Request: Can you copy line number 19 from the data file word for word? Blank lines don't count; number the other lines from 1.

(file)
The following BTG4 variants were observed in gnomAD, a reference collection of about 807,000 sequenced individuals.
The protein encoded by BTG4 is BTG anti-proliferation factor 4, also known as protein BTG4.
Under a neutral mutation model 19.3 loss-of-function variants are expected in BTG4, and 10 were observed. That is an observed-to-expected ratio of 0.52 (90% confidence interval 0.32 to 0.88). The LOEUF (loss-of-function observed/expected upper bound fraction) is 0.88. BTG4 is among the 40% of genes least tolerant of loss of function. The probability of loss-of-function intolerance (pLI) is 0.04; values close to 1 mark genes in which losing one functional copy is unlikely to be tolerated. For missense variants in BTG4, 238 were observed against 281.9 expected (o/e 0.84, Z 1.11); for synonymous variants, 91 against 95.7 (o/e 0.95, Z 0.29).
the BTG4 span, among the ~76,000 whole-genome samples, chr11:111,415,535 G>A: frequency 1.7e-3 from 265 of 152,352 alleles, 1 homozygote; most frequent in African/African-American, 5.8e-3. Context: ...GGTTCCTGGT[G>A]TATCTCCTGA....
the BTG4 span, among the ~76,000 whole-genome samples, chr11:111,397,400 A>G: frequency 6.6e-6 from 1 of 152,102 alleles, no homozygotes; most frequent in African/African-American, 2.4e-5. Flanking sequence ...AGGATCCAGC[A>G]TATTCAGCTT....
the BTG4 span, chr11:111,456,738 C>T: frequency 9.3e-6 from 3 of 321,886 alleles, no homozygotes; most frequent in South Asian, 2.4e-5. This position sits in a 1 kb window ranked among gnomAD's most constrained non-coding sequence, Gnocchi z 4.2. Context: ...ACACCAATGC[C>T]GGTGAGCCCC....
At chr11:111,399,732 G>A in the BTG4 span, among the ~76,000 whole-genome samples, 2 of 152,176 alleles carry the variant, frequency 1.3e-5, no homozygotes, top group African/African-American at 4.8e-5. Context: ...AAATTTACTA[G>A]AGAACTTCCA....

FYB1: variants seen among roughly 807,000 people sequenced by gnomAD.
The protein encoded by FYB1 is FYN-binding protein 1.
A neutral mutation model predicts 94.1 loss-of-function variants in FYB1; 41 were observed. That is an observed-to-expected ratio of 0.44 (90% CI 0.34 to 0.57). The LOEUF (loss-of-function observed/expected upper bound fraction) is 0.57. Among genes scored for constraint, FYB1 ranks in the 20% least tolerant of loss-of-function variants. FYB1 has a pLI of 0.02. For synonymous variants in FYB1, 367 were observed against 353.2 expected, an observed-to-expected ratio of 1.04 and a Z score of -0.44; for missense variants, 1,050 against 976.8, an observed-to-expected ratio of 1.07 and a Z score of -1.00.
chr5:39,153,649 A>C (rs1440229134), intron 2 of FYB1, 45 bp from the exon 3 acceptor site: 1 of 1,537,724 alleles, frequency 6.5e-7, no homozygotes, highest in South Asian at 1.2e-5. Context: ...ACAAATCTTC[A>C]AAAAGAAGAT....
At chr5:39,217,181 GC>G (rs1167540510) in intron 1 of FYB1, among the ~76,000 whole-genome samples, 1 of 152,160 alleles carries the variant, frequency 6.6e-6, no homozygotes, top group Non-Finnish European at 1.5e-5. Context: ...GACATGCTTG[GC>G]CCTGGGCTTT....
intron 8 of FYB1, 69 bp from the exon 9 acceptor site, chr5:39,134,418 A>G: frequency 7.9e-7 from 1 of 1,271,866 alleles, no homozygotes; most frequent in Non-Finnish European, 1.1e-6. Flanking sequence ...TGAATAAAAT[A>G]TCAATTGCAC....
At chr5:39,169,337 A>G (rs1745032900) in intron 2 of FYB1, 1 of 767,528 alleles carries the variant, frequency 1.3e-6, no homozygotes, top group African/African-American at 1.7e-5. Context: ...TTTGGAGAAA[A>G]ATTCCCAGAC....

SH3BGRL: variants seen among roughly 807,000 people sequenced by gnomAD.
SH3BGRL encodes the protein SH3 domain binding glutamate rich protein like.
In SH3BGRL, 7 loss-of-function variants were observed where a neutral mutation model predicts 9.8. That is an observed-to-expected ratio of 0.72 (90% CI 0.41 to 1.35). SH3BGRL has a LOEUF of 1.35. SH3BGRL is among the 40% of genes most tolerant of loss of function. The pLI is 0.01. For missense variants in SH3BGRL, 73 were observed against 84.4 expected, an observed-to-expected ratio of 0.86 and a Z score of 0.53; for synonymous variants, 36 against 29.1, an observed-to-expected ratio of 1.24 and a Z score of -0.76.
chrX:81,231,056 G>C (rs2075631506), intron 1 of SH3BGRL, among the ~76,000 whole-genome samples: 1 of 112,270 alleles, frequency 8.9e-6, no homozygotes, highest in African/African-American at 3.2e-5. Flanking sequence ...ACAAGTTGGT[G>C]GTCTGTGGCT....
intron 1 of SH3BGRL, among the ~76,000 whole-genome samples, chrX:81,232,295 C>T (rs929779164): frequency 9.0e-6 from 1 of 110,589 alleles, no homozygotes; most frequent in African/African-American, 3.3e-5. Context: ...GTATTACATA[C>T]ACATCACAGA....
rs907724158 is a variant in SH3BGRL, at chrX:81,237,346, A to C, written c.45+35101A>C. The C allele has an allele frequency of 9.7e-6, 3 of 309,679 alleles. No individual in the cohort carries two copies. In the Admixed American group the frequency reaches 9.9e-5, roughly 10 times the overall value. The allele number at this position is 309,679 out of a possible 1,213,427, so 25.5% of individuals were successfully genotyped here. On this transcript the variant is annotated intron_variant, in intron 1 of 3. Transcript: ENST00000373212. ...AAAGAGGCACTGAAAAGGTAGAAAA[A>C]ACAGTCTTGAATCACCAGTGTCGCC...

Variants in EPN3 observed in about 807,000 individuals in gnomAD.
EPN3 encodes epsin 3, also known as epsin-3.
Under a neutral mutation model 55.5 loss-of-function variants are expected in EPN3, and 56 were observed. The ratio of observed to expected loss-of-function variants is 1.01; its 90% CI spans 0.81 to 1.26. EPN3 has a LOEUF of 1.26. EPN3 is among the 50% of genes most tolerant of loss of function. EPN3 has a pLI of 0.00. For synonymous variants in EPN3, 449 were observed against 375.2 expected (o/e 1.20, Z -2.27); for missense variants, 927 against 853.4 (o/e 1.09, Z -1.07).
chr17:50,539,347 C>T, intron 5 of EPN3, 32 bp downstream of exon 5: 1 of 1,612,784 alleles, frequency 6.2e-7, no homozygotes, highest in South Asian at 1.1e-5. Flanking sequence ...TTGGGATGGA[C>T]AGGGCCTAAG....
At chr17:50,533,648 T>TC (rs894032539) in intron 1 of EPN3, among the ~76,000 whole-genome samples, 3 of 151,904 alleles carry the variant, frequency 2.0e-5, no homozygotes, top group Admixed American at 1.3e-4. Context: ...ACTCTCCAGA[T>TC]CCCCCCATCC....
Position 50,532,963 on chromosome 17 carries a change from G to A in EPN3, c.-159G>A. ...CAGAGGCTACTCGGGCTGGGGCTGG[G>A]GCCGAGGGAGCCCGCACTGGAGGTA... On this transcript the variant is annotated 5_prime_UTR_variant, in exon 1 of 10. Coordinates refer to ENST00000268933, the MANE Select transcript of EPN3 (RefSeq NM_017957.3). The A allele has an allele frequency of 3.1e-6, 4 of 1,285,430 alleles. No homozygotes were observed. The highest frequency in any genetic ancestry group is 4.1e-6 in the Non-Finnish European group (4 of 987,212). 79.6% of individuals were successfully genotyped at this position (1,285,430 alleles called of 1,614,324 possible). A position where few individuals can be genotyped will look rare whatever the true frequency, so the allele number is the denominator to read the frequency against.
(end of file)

intron 1 of SH3BGRL, among the ~76,000 whole-genome samples, chrX:81,232,295 C>T (rs929779164): frequency 9.0e-6 from 1 of 110,589 alleles, no homozygotes; most frequent in African/African-American, 3.3e-5. Context: ...GTATTACATA[C>T]ACATCACAGA....